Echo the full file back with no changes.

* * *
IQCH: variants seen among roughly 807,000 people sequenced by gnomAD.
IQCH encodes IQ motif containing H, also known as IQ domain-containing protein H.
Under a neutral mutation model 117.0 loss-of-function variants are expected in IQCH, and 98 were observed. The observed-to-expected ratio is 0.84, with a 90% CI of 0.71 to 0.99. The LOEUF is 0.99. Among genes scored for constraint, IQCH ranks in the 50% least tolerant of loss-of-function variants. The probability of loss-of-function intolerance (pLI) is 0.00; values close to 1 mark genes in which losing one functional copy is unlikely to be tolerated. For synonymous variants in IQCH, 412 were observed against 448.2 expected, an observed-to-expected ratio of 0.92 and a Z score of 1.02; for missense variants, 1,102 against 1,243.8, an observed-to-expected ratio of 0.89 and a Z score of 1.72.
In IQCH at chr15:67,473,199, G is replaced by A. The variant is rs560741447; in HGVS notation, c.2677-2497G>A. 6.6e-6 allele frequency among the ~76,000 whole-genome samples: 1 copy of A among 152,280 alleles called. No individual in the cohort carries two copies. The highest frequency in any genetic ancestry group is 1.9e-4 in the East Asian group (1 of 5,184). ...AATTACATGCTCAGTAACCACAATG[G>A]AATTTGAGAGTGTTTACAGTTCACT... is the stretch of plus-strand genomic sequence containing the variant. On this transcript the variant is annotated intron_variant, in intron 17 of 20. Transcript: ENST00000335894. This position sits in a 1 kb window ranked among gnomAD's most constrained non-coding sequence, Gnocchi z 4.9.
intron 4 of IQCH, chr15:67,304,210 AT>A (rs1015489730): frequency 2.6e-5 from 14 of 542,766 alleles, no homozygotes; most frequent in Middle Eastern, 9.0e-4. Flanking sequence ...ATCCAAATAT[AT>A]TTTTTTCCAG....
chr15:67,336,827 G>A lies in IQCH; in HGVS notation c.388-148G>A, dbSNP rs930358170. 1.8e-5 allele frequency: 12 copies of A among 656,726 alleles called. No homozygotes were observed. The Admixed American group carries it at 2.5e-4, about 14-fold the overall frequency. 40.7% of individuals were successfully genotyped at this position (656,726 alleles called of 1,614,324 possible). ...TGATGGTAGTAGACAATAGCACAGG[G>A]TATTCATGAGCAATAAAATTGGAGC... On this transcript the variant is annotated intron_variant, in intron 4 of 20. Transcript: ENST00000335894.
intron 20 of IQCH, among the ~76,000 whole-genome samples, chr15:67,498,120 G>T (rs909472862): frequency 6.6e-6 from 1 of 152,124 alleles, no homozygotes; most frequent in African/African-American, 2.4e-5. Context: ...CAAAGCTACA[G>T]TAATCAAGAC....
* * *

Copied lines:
IQCH: variants seen among roughly 807,000 people sequenced by gnomAD.
IQCH encodes IQ motif containing H, also known as IQ domain-containing protein H.
Under a neutral mutation model 117.0 loss-of-function variants are expected in IQCH, and 98 were observed. The observed-to-expected ratio is 0.84, with a 90% CI of 0.71 to 0.99. The LOEUF is 0.99. Among genes scored for constraint, IQCH ranks in the 50% least tolerant of loss-of-function variants. The probability of loss-of-function intolerance (pLI) is 0.00; values close to 1 mark genes in which losing one functional copy is unlikely to be tolerated. For synonymous variants in IQCH, 412 were observed against 448.2 expected, an observed-to-expected ratio of 0.92 and a Z score of 1.02; for missense variants, 1,102 against 1,243.8, an observed-to-expected ratio of 0.89 and a Z score of 1.72.
In IQCH at chr15:67,473,199, G is replaced by A. The variant is rs560741447; in HGVS notation, c.2677-2497G>A. 6.6e-6 allele frequency among the ~76,000 whole-genome samples: 1 copy of A among 152,280 alleles called. No individual in the cohort carries two copies. The highest frequency in any genetic ancestry group is 1.9e-4 in the East Asian group (1 of 5,184). ...AATTACATGCTCAGTAACCACAATG[G>A]AATTTGAGAGTGTTTACAGTTCACT... is the stretch of plus-strand genomic sequence containing the variant. On this transcript the variant is annotated intron_variant, in intron 17 of 20. Transcript: ENST00000335894. This position sits in a 1 kb window ranked among gnomAD's most constrained non-coding sequence, Gnocchi z 4.9.
intron 4 of IQCH, chr15:67,304,210 AT>A (rs1015489730): frequency 2.6e-5 from 14 of 542,766 alleles, no homozygotes; most frequent in Middle Eastern, 9.0e-4. Flanking sequence ...ATCCAAATAT[AT>A]TTTTTTCCAG....
chr15:67,336,827 G>A lies in IQCH; in HGVS notation c.388-148G>A, dbSNP rs930358170. 1.8e-5 allele frequency: 12 copies of A among 656,726 alleles called. No homozygotes were observed. The Admixed American group carries it at 2.5e-4, about 14-fold the overall frequency. 40.7% of individuals were successfully genotyped at this position (656,726 alleles called of 1,614,324 possible). ...TGATGGTAGTAGACAATAGCACAGG[G>A]TATTCATGAGCAATAAAATTGGAGC... On this transcript the variant is annotated intron_variant, in intron 4 of 20. Transcript: ENST00000335894.
intron 20 of IQCH, among the ~76,000 whole-genome samples, chr15:67,498,120 G>T (rs909472862): frequency 6.6e-6 from 1 of 152,124 alleles, no homozygotes; most frequent in African/African-American, 2.4e-5. Context: ...CAAAGCTACA[G>T]TAATCAAGAC....